Mudcat Café message #3805753 The Mudcat Café TM
Thread #160405   Message #3805753
Posted By: Jim Carroll
19-Aug-16 - 04:11 AM
Thread Name: Stop The Ewan Maccoll Bickering !!!
Subject: RE: Stop The Ewan Maccoll Bickering !!!
I'll give this a try as I said I would - off to Dublin for a few days culture next week (Heritage Week) so I'll get as far as I ca in bite-sixed portions.
Early in the sixties, a number of singers on the folk scene approached Ewan and said they were not particularly happy with what was happening in the revival and would he consider holding classes - so, not so much a "self appointed Guru", but a respected figure on the scene asked to pass on tips to fellow performers.
Ewan refused the idea that he should teach, agreed to help set up a group of singers and enthusiasts who would work on each other's singing on a self-help basis.
Early members included; John Faulkner, Sandra Kerr, Frankie Armstrong, Brian Pearson Charles Parker, Luke Kelly, Gordon McCulloch, Alasdair Clayre - Bobby and Helen Campbell were early visitors, but not members.   
He agreed to act as chairman and provide a series of exercises that had been developed to assist actors working in Theatre Workshop - these consisted of:
Relaxation exercises based on those used by T.W. - along with a full explanation of the effects of tension on the singing voice.
Voice exercises - basic vowel-sounds (not actual vowels), to enable a singer to find, control and develop their natural voice rather than that imposed by environment and everyday surroundings.
Singing exercises to improve pitch development, accuracy in learning tunes and handling large and small musical intervals , breath control, word articulation....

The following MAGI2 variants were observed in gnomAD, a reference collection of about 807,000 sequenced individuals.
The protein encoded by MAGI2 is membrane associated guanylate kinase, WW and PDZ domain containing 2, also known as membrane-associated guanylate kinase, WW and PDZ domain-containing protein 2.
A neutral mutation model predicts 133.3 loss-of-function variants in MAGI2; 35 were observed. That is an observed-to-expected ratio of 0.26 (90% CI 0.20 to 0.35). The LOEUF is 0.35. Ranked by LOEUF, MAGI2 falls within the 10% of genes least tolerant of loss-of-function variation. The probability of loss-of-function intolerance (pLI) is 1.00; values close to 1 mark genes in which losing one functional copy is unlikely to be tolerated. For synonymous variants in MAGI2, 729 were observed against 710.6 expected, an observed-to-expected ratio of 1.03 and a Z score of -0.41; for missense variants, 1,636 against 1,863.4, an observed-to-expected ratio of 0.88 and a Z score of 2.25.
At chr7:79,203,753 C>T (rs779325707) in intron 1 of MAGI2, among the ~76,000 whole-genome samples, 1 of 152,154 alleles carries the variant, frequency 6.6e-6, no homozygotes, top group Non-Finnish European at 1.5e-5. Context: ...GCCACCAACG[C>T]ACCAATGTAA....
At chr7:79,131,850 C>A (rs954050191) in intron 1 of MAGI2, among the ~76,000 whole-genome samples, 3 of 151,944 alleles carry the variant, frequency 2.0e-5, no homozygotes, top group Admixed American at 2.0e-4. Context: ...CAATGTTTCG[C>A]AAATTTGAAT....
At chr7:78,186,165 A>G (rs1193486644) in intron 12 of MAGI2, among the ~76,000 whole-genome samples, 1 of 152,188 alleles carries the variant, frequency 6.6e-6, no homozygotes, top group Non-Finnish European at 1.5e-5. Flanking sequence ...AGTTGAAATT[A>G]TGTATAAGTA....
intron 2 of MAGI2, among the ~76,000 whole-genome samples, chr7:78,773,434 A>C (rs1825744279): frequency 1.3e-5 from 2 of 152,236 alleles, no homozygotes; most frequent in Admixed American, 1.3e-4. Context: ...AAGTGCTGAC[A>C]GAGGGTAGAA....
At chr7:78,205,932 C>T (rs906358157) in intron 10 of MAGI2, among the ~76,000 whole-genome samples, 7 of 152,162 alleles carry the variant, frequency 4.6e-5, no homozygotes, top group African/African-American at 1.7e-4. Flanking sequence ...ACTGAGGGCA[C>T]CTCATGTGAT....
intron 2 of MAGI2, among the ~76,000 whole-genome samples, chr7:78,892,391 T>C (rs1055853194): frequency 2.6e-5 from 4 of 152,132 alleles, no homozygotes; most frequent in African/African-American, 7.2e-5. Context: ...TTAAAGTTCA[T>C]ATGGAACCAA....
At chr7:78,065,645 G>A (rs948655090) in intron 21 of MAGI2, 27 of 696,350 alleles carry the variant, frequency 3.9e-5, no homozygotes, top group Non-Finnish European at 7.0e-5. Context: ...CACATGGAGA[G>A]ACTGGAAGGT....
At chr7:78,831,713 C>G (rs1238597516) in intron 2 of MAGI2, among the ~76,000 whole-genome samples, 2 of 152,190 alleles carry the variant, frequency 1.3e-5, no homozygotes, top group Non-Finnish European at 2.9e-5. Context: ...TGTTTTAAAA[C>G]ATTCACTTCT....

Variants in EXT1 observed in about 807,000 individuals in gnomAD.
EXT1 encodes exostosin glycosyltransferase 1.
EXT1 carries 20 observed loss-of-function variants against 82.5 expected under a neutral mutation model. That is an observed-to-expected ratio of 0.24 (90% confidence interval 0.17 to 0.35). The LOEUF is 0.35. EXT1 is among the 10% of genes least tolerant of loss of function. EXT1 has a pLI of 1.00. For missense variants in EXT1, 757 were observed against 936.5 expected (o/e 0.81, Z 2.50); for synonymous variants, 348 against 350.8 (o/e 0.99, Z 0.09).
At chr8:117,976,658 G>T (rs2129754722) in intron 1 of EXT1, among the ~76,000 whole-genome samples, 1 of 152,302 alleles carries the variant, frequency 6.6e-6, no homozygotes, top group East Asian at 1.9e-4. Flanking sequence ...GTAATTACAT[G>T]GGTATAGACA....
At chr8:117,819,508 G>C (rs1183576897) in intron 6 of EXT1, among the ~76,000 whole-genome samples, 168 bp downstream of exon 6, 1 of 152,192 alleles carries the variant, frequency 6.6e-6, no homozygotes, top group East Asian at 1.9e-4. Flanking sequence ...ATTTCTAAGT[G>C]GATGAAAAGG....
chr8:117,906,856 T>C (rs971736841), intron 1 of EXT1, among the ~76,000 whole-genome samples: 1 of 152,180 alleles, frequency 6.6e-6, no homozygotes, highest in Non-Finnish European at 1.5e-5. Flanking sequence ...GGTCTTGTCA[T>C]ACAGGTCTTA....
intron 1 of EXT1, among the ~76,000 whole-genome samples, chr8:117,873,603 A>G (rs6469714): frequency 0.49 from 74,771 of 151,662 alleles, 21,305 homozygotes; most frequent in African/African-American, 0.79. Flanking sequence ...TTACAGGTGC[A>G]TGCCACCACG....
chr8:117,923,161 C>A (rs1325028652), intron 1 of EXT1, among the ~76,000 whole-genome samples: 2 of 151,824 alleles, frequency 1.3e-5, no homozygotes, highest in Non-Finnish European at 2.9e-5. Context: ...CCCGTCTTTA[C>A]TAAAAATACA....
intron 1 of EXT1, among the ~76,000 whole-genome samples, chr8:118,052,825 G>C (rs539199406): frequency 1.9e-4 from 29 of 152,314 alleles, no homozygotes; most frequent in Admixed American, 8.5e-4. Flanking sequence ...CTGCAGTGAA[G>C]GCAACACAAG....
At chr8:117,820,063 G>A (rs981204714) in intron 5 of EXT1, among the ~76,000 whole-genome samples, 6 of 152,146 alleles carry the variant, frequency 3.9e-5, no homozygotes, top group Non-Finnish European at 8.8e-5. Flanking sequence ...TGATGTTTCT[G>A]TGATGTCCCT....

These comprised two short pieces from Wagner - one to handle large and unusual interval leaps; another to cope with small intervals with accuracy.
A piece from Gilbert and Sullivan to help accuracy of articulation at speed
A piece of Irish 'showpiece' singing (Rocky Road to Dublin) - again for articulation, also breath control (one verse and one chorus sung in one breath).
Similarly, a piece of Scots mouth-music, (Tail Toddle) - sung at speed - two choruses and one verse in one breath.
Also thrown in as an alternative (for the politically inclined!) was Brecht's 'Lament For the Death of a Comrade' - one of the most complicated tunes I have ever tried to sing - I eventually managed it and can still sing it with a degree of accuracy (not in public!).
These formed the bases of the technical work - once (easily) learned (took me less than a week, thanks to the tolerance of my bed-sit neighbor), they stayed with you forever.
One other technique was the handling of tones and 'efforts' (the latter developed from Rudolph Laben's theory of movement, taught by Ewan's then wife, Jean Newlove, in Theatre Workshop and developed for the voice by Ewan) - both need a little more explaining so will deal with them separately.   
MacColl stressed that technique should not be considered an end in itself, but a means to access the entire range of songs available in the folk song repertoire.
He suggested that, at first, they should be done daily (the lot take less than half-an-hour), and eventually, at regular intervals, to keep the voice in shape and to help push its limits.
The voice exercises helped me personally when, after a long interval of not singing, I found my range had reduced considerably and I had lost several of my most rangy songs - took me a month to get them back.
There were other aspects of technique discussed - cupping hand over ear, back-to-front chair, stance...., but those are the basics.
Jim Carroll